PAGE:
More than the sum of its parts: Supporting citizens to be involved in social innovation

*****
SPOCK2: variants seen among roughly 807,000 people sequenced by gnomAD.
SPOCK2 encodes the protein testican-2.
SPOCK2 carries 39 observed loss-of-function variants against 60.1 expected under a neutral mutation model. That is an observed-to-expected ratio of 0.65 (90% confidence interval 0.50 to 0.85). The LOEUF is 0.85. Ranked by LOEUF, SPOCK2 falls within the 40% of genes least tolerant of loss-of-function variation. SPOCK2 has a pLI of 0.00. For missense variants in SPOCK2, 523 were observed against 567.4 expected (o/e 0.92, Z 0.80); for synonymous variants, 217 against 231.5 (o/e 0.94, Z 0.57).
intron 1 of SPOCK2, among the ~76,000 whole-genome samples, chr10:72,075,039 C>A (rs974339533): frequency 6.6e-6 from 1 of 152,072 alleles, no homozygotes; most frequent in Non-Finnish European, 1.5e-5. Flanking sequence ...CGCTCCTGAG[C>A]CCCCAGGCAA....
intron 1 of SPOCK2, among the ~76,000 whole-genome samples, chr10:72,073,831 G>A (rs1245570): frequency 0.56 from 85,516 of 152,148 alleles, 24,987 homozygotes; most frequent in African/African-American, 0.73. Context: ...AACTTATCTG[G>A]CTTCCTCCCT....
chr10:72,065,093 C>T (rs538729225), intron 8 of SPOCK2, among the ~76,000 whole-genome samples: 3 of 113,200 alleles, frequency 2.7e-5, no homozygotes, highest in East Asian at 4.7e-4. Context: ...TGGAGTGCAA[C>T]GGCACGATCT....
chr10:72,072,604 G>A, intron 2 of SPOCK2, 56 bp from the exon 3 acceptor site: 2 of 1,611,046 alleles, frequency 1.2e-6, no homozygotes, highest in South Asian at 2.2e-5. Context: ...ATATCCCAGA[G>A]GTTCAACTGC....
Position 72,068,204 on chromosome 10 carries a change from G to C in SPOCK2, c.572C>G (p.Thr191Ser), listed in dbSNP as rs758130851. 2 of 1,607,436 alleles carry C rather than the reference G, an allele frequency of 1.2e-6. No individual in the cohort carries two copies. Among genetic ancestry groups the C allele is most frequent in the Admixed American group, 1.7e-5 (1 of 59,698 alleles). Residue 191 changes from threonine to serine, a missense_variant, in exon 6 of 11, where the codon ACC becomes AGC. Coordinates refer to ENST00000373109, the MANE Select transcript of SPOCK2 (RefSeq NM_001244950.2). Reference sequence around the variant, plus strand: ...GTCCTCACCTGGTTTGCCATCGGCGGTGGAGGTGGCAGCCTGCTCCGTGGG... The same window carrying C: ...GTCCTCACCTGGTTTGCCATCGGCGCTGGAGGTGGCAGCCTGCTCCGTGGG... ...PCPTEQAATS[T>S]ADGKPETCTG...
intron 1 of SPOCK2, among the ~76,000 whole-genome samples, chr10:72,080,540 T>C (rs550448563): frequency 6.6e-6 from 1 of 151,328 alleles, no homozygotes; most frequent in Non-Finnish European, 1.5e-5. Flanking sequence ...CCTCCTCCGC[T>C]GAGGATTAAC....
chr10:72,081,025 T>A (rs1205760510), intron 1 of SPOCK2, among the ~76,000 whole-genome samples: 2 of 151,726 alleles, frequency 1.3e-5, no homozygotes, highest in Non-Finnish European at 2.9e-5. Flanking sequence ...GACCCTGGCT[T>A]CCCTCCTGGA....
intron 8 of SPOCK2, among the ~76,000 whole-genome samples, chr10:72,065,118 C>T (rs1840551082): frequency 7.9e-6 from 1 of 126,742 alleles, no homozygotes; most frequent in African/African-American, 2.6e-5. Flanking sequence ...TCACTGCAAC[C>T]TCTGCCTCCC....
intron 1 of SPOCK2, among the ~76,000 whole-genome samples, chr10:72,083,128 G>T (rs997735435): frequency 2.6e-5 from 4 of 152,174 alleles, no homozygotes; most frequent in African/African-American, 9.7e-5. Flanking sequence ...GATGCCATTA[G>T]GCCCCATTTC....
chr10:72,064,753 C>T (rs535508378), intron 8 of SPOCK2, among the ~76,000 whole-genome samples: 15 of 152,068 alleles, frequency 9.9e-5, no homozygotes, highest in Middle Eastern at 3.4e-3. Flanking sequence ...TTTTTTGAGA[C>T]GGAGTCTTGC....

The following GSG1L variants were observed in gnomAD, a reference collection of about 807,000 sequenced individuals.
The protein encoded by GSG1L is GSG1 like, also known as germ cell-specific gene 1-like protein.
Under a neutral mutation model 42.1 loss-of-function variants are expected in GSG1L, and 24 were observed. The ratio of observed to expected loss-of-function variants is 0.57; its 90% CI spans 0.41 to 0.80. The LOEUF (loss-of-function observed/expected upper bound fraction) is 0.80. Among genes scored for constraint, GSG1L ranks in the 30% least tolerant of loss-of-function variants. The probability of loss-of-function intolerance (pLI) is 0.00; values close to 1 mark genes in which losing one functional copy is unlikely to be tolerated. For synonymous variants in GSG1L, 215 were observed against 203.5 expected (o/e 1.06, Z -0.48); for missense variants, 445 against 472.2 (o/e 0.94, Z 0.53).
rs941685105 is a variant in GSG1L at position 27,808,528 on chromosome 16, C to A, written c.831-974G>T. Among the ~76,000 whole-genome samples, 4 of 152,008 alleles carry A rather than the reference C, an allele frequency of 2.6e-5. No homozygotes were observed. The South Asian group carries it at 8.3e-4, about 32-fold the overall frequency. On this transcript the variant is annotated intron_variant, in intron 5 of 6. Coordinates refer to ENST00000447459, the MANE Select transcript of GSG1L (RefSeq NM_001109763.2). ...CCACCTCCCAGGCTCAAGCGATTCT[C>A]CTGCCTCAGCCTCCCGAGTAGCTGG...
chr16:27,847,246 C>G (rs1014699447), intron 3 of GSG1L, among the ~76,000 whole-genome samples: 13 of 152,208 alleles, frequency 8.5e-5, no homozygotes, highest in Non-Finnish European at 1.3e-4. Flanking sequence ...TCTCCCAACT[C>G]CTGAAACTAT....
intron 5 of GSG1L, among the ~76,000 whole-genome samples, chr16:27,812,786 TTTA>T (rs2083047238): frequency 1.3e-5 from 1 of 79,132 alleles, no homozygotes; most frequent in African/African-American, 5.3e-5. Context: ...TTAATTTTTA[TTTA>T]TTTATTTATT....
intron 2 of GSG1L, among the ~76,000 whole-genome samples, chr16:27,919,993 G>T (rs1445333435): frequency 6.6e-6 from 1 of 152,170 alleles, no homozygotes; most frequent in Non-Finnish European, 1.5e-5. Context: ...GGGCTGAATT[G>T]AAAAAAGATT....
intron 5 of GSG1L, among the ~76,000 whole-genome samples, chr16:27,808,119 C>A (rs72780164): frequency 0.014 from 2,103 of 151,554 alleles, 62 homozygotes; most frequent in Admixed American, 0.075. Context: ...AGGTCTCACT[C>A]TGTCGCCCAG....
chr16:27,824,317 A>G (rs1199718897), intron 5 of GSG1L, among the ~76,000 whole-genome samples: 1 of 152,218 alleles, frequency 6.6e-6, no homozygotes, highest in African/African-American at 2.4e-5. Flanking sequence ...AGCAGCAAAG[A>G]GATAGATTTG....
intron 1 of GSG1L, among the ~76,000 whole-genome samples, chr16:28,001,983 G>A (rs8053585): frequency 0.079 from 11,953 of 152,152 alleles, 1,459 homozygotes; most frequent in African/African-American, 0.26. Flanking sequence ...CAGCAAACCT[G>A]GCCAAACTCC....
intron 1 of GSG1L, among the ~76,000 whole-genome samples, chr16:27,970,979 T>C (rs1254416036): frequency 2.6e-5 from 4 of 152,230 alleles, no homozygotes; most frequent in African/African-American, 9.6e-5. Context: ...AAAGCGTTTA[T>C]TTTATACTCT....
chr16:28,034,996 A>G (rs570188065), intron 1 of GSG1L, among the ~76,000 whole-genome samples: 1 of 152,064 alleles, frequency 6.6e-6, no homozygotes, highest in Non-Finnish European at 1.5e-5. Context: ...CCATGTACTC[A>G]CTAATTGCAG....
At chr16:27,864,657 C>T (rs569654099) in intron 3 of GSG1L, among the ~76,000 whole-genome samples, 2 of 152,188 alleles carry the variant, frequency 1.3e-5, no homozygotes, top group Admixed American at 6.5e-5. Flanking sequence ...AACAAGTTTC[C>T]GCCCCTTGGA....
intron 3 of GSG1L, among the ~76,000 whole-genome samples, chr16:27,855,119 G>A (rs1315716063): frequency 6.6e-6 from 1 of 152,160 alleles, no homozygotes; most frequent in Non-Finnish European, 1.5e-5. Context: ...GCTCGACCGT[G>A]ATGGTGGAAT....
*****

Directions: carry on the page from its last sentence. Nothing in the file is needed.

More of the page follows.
The importance of good quality outdoor public spaces for fostering health and wellbeing is becoming increasingly recognised in policy agendas, including the UN Sustainable Development Goals (SDGs). One of the targets for achieving goal 11, “Sustainable cities and communities”, is: “By 2030, provide universal access to safe, inclusive and accessible, green and public spaces, in particular for women and children, older persons and persons with disabilities” To achieve this goal, a diverse range of people need to be engaged in evaluating the public spaces they use (or avoid) to identify what makes a public space safe, inclusive and accessible. Citizen science can play an important role in achieving this goal. Citizen science and public health Traditionally, citizen scientists have been involved in collecting information about the natural world (e.g. bug counts, testing soil); however, citizen science in public health research has great potential and is gathering interest. The focus of Our Outdoors is about health and outdoor space.